The most tangible way ACDS is addressing the need for qualified IT talent in Arkansas is through the Registered Apprenticeship Program. The apprenticeship model is one Morgan used informally at Acxiom to grow his own talent pool, and he’s extremely passionate about it.

“While [the center’s] broad charter is to address economic development in the areas of data and information technology, we wanted to show tangible results in an area of greatest need — recruitment and training,” he says. “That’s where the apprenticeship program comes in.”

The Registered Apprenticeship Program at ACDS is essentially a bridge between employers in need of skilled job candidates and the candidates themselves. The program provides employers with a larger pool of potential candidates, many non-traditional, that they can hire, develop and retain. The program is registered with the state and federal Department of Labor.

ACDS works with employers to develop curriculum specific to their needs. For example, if an employer needs Java developers, ACDS will contract with a provider to train new hires in that particular skill. The program benefits participants greatly, as they “earn and learn” at the same time. It’s a win-win.

First Orion’s Technical Apprentice Program began in June 2018. To date, the company has trained 26 apprentices over six different programs. Morgan firmly believes in the program, and his eyes light up when he talks about it.

“Every tech company’s culture and work environment is different,” he says. “Young people who are coming out of school these days don’t have any idea about how we work and how our problems are defined here. They have no idea about our security protocols or how we do our computing …

“You just can’t learn that in school. That’s why we have apprentices. We want to develop our own experts. Our apprentices spend 10 weeks in intense training that would normally take years for a new employee to learn.”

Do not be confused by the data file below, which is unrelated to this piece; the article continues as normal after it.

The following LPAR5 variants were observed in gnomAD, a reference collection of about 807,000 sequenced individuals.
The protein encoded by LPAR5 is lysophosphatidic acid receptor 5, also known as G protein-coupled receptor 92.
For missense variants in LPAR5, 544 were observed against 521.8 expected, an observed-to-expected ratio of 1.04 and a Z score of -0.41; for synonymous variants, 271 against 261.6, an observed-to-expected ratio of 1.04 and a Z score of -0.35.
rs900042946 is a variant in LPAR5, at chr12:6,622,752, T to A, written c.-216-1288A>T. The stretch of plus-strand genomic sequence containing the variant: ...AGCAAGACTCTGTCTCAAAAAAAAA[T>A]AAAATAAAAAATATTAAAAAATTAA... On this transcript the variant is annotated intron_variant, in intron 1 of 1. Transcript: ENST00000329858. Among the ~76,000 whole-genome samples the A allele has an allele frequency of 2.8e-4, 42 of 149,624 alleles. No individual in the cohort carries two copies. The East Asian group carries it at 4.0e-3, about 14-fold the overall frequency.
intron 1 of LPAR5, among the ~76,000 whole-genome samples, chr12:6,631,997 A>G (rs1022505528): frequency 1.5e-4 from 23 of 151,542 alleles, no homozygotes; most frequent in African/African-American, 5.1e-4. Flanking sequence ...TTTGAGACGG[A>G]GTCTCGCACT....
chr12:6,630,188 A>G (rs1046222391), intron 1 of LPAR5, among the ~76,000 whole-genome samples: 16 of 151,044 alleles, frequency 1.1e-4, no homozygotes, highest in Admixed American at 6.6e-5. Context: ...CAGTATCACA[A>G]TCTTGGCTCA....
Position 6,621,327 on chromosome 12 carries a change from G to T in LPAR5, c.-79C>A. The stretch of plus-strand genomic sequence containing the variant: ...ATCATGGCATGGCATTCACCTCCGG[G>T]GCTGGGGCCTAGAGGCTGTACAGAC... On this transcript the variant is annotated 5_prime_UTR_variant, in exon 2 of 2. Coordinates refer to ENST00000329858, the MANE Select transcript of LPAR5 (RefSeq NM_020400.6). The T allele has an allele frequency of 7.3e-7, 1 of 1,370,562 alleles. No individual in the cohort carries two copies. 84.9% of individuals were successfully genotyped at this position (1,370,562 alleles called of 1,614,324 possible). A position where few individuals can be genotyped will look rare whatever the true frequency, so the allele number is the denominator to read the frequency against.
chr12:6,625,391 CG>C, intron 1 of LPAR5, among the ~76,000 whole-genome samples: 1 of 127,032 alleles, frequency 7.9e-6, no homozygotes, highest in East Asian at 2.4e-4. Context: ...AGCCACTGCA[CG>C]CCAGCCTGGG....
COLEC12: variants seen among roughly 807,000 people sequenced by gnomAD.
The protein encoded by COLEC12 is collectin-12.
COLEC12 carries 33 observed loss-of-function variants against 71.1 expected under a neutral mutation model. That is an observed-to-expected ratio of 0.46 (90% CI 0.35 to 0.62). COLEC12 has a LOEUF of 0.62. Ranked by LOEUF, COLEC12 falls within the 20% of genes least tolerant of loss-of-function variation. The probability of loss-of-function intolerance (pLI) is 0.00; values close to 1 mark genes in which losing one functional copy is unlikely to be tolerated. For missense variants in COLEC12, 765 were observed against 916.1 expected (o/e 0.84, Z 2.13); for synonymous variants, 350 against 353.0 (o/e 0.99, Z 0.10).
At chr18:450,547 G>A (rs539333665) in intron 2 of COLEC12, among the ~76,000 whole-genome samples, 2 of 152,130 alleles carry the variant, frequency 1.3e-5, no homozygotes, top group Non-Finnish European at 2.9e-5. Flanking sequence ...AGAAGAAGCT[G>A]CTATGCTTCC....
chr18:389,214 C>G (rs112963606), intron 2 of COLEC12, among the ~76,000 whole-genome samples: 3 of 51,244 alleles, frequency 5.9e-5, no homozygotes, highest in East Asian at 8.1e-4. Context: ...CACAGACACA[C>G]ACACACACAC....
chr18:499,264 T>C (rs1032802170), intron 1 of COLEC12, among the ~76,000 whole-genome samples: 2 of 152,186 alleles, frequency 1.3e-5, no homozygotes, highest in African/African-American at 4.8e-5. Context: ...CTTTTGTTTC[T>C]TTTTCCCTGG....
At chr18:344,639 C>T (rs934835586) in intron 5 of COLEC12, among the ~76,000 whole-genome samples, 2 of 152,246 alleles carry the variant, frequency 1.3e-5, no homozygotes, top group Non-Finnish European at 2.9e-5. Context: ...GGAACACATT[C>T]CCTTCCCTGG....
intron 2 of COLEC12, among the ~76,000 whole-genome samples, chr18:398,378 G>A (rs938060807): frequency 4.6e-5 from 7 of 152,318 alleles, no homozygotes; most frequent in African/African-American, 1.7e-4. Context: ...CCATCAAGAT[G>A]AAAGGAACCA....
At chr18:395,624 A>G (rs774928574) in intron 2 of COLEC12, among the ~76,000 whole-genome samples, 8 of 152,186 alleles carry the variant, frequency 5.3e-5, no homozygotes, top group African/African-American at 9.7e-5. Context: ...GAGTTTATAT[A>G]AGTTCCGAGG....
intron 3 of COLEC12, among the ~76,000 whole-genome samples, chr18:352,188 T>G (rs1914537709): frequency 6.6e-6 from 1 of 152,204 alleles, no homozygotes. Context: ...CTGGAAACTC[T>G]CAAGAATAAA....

There isn’t a cookie-cutter mold for a First Orion apprentice. Some have strong math and science backgrounds, while many come to the program with degrees in social sciences. Some have previous work experience, but the majority are recent college graduates. The apprentices are full-time employees who receive a paycheck. However, they spend most days in a classroom, learning every aspect of the company and their role within it.

ACDS has had 1,500 applications for apprentice positions since August 2019. It’s filled 50 positions and hopes to fill up to 500 more statewide before the end of the year. For Morgan, this grow-your-own talent model is the answer to the gap between education and the workforce in Arkansas. It’s the way Arkansas will fill those 10,000 jobs in information technology over the next few years.

“The problem of why Arkansas is where it is ... that’s an interesting and difficult challenge,” Morgan says. “I built a global business here, and I know that you can do it, but there are barriers that are stopping us from being able to be more successful.

“[ACDS] can get us where we need to go, but we can’t lose sight of the fact that this is also about the kids,” he continues. “Kids graduating from our high schools don’t think they can find a good job in Arkansas. But they can. Do you know what our apprentices are making? From $60,000 to $70,000 while they are in an apprenticeship program. And they’re worth every penny because we’re giving them the tools and knowledge they need to be successful. They’re our future. And investing in the future is exciting.”